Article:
Throwing caution to the wind is common during the teen years. Engaging in unprotected sex is particularly perilous business, as it can lead to life-changing events like an unwanted pregnancy. In 2010, 367,678 babies were born to teen girls, ages 15 to 19, according to the Centers for Disease Control and Prevention (CDC). Having unprotected sex can also lead to harmful and potentially life-threatening sexually transmitted infections and diseases.
Pregnancy Stats and Common Fallacies
False beliefs about pregnancy are common among teen girls. Some teens don't realize you can get pregnant the first time you have sexual intercourse or they wrongly believe that having sex in a certain position can make it impossible to get pregnant. It's also a misnomer that urinating or douching after sex will wash away sperm that's entered the vagina. Other teen girls believe they can't get pregnant if their sex partner "pulls out" before ejaculating. Not only does pulling out require strong self-control, it doesn't guarantee that some sperm won't find its way into the vagina.
Sexually Transmitted Infections
An estimated 25 percent of U.S. teens who engage in unprotected sex will eventually develop a sexually transmitted infection or STI like chlamydia, gonorrhea, herpes and syphilis, explains HealthyChildren.org, a website published by the American Academy of Pediatrics. Teen girls may contract an infection of the uterus and fallopian tubes called pelvic inflammatory disease while boys may develop epididymitis which is an inflammation of the coiled tube next to the testes.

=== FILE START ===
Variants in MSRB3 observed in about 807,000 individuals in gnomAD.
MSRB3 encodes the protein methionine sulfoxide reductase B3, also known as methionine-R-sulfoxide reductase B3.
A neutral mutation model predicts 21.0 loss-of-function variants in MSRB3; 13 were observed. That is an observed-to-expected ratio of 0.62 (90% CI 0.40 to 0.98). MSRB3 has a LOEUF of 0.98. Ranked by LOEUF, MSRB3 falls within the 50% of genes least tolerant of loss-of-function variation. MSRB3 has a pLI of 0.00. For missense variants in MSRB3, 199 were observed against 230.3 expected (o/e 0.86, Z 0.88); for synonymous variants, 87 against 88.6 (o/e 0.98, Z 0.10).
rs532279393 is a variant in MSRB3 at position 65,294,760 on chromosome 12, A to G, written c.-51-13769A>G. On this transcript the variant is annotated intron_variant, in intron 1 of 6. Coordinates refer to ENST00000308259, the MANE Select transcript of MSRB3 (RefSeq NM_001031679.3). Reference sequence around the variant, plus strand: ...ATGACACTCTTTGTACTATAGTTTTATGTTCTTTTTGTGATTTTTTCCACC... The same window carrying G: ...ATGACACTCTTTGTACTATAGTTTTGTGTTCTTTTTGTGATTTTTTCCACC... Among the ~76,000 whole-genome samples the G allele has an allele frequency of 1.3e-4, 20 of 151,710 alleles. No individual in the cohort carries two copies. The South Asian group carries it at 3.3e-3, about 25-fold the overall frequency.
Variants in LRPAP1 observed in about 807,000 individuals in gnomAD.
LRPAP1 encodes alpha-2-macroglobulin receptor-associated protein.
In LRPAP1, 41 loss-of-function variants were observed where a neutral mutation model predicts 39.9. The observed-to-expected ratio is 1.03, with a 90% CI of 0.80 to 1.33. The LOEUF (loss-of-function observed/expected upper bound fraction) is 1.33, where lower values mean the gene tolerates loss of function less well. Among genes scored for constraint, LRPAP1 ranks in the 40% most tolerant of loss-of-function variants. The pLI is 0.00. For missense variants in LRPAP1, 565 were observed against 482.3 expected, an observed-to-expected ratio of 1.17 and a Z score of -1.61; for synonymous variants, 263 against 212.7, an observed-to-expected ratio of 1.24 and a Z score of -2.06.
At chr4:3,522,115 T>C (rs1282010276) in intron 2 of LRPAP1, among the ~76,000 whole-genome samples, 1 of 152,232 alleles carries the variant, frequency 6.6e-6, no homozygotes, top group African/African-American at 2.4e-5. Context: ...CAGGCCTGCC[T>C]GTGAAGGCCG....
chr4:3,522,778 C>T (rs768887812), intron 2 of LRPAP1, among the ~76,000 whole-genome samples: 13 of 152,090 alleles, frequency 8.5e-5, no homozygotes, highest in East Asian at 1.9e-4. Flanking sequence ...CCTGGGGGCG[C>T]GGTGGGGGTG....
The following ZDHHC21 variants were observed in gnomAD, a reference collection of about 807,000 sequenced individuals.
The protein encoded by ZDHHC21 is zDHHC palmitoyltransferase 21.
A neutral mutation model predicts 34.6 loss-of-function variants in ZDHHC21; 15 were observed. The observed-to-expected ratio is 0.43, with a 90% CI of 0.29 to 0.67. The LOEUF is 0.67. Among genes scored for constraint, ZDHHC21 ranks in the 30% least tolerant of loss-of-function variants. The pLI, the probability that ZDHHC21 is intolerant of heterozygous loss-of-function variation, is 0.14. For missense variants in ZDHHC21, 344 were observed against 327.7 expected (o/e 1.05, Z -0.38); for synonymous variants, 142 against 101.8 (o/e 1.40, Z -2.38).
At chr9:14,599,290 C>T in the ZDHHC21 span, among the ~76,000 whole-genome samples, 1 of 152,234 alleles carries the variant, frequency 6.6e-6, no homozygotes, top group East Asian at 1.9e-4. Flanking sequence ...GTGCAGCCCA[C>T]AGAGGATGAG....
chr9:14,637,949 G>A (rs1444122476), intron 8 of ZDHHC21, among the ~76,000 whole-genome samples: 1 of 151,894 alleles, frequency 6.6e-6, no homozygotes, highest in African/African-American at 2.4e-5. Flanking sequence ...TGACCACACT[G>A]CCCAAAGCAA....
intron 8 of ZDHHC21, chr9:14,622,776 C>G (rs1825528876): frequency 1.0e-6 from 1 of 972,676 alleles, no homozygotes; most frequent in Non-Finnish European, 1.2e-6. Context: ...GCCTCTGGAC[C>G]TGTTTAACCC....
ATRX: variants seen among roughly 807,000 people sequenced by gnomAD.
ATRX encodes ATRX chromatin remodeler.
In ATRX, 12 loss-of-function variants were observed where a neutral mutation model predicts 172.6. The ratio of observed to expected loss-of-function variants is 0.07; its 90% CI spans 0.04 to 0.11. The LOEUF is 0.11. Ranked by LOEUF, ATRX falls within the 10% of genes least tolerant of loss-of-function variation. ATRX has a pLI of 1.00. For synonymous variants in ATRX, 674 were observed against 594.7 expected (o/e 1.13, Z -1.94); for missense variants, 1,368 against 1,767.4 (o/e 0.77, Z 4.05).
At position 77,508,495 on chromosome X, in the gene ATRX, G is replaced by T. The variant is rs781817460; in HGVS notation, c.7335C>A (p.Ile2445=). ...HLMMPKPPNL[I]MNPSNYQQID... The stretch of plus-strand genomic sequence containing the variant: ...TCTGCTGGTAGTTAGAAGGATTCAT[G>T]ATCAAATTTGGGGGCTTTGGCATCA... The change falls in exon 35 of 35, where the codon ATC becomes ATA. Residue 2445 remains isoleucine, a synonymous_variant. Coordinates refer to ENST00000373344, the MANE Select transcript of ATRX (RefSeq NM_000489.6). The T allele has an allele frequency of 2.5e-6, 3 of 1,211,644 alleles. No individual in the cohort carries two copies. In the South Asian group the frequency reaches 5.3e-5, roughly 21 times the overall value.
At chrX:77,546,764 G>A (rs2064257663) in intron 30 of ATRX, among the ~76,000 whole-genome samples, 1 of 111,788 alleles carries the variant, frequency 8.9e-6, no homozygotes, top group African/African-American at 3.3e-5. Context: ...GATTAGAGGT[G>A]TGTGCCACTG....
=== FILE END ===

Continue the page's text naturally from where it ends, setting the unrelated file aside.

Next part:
Engaging in risky sexual behaviors is only one reason teens are at a higher risk of STIs; they're simply more biologically prone to sexually-transmitted infections. The unstable cell structure in the immature cervix of an adolescent female can place a teen girl in a vulnerable position when it comes to developing STIs, notes MayoClinic.com.
A teenager who wants to wait to have sex until she is older may be dubbed a "prude" or "old-fashioned" by her peers. Teen girls and boys may feel pressure to have sex before they're ready in order to fit into the crowd. Saying no to sex may be easier said than done but, considering the potentially negative long-term consequences, may give a teen strength to stand her ground.
Teens in monogamous relationships should have a serious talk about birth control options such as oral contraceptives, contraceptive injections, patches, vaginal rings, intrauterine devices and condoms. Condoms don't guarantee that you won't develop an STI but they can significantly slash the risk.
Young people, ages 15 to 24, make up about 40 percent of new HIV or human immunodeficiency virus infections which can lead to AIDS, notes Kaiser Family Foundation. In addition, people with STIs are up to five times more likely to acquire HIV through sexual contact, adds the CDC. A surefire way for teens to avoid pregnancy or contracting a sexually transmitted disease or infection is to abstain from sexual intercourse.